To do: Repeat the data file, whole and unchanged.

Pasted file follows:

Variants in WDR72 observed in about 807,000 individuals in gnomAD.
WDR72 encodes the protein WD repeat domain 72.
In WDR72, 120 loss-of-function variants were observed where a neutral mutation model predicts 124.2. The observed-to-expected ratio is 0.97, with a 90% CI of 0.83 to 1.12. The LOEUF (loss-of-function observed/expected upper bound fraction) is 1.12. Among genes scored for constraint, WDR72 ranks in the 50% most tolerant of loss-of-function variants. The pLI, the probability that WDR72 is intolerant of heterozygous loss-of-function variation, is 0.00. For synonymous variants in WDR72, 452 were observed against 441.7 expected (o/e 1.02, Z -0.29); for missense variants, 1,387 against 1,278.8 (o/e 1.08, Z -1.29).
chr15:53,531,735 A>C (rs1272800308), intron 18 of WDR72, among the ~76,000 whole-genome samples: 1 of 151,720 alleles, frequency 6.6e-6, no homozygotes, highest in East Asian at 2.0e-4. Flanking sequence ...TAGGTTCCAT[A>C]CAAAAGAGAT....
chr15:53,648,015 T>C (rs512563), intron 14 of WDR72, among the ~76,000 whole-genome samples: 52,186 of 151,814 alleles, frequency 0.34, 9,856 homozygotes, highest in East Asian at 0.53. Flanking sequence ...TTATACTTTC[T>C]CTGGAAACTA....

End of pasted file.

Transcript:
Variants in WDR72 observed in about 807,000 individuals in gnomAD.
WDR72 encodes the protein WD repeat domain 72.
In WDR72, 120 loss-of-function variants were observed where a neutral mutation model predicts 124.2. The observed-to-expected ratio is 0.97, with a 90% CI of 0.83 to 1.12. The LOEUF (loss-of-function observed/expected upper bound fraction) is 1.12. Among genes scored for constraint, WDR72 ranks in the 50% most tolerant of loss-of-function variants. The pLI, the probability that WDR72 is intolerant of heterozygous loss-of-function variation, is 0.00. For synonymous variants in WDR72, 452 were observed against 441.7 expected (o/e 1.02, Z -0.29); for missense variants, 1,387 against 1,278.8 (o/e 1.08, Z -1.29).
chr15:53,531,735 A>C (rs1272800308), intron 18 of WDR72, among the ~76,000 whole-genome samples: 1 of 151,720 alleles, frequency 6.6e-6, no homozygotes, highest in East Asian at 2.0e-4. Flanking sequence ...TAGGTTCCAT[A>C]CAAAAGAGAT....
chr15:53,648,015 T>C (rs512563), intron 14 of WDR72, among the ~76,000 whole-genome samples: 52,186 of 151,814 alleles, frequency 0.34, 9,856 homozygotes, highest in East Asian at 0.53. Flanking sequence ...TTATACTTTC[T>C]CTGGAAACTA....